ASEAN Members Should Guard against NATO Expansion to Asia
While the attention of the world media during the second week of July was focused on the war preparations of the NATO Summit in Vilnius, halfway around the world, meetings in Jakarta (Indonesia) involving ASEAN (Association of South East Asian Nations) and its Asian neighbors were about to focus on peace-making.
Russian Foreign Minister Sergei Lavrov, who has been “iced out” from any meetings with his Western counterparts, was something of a guest of honor in the Indonesian capital. He participated in a trilateral meeting with China and Indonesia, and held a series of bilateral meetings with his counterparts, including with Wang Yi, the director of the Foreign Affairs Office of the CPC Central Committee.
The top Russian diplomat warned his ASEAN friends about the danger of the West creating a NATO-like alliance in the Asia-Pacific. While this had been denied by NATO, the fact that they invited to Vilnius the leaders of Japan and South Korea, two of Washington’s closest military allies in Asia, indicated that they were moving in that direction. Lavrov pointed out that this would pose a danger to the ASEAN spirit, which calls for unity and non-interference in the internal affairs of other countries.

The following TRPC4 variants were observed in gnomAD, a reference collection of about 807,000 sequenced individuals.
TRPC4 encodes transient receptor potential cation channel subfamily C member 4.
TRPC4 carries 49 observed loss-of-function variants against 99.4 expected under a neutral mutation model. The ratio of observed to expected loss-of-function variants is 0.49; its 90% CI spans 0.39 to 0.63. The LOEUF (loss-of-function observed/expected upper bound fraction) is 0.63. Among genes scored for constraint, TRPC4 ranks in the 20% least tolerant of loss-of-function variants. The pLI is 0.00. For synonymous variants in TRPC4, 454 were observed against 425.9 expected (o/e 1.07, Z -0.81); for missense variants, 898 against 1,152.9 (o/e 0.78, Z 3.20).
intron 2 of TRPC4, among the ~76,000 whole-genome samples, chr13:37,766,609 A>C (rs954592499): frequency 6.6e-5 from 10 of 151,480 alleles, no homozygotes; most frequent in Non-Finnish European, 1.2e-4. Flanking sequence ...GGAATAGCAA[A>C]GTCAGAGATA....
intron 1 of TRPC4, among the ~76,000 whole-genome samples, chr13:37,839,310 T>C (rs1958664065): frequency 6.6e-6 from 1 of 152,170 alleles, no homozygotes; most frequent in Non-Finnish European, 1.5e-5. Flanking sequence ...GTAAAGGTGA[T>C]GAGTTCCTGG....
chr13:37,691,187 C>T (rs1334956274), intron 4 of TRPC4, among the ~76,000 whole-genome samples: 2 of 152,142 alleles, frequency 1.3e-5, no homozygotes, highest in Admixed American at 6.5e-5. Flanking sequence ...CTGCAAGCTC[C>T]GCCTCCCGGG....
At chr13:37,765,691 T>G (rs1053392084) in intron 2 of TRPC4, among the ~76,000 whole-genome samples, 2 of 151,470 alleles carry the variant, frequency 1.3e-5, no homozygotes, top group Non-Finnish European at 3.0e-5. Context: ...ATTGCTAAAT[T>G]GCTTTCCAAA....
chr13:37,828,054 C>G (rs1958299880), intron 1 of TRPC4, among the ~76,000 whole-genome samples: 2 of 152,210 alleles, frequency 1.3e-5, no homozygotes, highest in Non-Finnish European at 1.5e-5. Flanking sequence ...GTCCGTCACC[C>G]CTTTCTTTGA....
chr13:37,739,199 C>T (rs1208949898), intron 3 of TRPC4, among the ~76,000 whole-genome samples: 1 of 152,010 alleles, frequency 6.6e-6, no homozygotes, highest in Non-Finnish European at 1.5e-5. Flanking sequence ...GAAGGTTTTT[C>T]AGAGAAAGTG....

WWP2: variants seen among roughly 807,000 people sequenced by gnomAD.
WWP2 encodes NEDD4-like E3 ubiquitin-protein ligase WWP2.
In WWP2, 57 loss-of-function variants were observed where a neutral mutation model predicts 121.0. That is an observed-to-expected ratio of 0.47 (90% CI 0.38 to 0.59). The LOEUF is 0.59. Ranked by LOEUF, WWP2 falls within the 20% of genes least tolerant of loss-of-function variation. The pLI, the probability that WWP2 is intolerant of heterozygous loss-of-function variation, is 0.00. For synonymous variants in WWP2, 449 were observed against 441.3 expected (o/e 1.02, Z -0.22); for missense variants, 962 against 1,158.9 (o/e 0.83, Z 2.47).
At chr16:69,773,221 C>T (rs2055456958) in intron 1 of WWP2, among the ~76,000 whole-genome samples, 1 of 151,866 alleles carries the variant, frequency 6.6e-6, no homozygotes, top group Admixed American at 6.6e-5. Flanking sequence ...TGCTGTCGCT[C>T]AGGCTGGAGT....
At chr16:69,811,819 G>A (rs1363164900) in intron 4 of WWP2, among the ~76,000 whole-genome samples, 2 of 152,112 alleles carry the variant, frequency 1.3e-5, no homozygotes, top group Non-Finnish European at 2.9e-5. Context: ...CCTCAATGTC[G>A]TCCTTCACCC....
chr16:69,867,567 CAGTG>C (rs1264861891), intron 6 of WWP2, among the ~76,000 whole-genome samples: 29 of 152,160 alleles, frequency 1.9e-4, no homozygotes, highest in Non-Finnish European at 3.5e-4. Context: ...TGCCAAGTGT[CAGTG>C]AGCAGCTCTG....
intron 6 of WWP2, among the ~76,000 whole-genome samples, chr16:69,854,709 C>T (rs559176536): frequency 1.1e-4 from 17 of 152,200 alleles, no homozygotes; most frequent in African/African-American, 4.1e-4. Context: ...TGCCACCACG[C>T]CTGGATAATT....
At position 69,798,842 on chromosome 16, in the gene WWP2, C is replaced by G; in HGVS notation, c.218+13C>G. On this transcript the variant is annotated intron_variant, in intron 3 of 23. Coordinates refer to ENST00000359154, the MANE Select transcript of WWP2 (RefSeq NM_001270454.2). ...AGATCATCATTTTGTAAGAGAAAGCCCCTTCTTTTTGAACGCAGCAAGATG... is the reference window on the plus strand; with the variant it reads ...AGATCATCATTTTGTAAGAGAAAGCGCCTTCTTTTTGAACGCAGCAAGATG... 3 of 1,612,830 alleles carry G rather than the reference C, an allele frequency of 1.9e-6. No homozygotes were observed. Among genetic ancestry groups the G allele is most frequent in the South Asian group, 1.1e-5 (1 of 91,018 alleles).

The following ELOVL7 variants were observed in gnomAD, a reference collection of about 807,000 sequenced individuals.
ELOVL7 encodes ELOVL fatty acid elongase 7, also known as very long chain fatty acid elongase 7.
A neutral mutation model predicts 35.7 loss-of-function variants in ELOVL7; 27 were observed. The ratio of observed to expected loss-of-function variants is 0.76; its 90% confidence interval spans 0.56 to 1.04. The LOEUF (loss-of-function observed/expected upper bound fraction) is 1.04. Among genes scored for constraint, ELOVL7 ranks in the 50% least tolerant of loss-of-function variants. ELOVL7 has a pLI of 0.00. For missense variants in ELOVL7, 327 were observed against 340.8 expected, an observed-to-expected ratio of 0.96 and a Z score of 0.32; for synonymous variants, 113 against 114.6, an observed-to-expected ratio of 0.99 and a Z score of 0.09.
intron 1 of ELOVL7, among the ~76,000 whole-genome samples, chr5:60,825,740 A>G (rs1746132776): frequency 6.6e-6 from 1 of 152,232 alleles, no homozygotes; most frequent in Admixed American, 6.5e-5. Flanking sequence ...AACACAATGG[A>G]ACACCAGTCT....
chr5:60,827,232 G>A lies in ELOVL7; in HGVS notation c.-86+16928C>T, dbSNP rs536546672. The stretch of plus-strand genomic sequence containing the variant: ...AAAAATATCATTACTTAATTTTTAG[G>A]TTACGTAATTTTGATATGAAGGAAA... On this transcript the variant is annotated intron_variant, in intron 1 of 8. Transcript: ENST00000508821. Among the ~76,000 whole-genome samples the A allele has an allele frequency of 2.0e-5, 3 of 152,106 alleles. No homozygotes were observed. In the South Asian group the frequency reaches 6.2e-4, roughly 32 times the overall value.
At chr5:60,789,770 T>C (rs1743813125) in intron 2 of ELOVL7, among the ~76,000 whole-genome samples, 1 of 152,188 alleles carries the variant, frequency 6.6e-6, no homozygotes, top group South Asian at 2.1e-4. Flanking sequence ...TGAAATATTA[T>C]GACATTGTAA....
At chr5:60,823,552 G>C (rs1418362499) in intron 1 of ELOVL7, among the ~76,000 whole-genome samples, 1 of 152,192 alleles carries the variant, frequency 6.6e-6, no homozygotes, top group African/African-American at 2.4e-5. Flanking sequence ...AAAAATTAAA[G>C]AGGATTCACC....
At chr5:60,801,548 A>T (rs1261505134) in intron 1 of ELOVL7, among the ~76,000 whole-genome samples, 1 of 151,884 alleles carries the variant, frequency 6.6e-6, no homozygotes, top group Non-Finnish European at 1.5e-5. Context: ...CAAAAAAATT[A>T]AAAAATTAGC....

China’s top foreign policy chief, Wang Yi, was particularly active during his visit to Jakarta, participating in four multilateral events, including the ASEAN + 3 meeting (ten members states plus China, Japan, and South Korea) and the East Asia Summit, and holding 13 bilateral talks. He also urged vigilance in upholding peace and harmony in the Asia Pacific region and preventing a new Cold War division in the area. In meetings with his Japanese and South Korean counterparts, he underlined the importance of their relationship economically. He also noted that China-Japan relations were now at a critical stage, given Prime Minister Kishida’s tilt toward a closer military alliance with the US, and that the choices Japan made going forward would be decisive in determining the future of the relationship.
With Indian Foreign Minister Jaishankar, Wang Yi reportedly he urged closer cooperation and equal treatment for Chinese companies operating in India. Finally, we note that in his bilateral meetings with Secretary of State Anthony Blinken and EU foreign policy chief Josep Borrell, the tone was apparently more cordial than the sharp rhetoric generally heard in Washington and Brussels, as well as other Western capitals. Perhaps this was due to the fact that the environment was not particularly favorable to the “rules-based order”, or perhaps it was part of the ongoing attempt to lure Beijing away from Moscow. However, just one day later, it was announced that Russia would participate next month in military exercises with China in the Sea of Japan…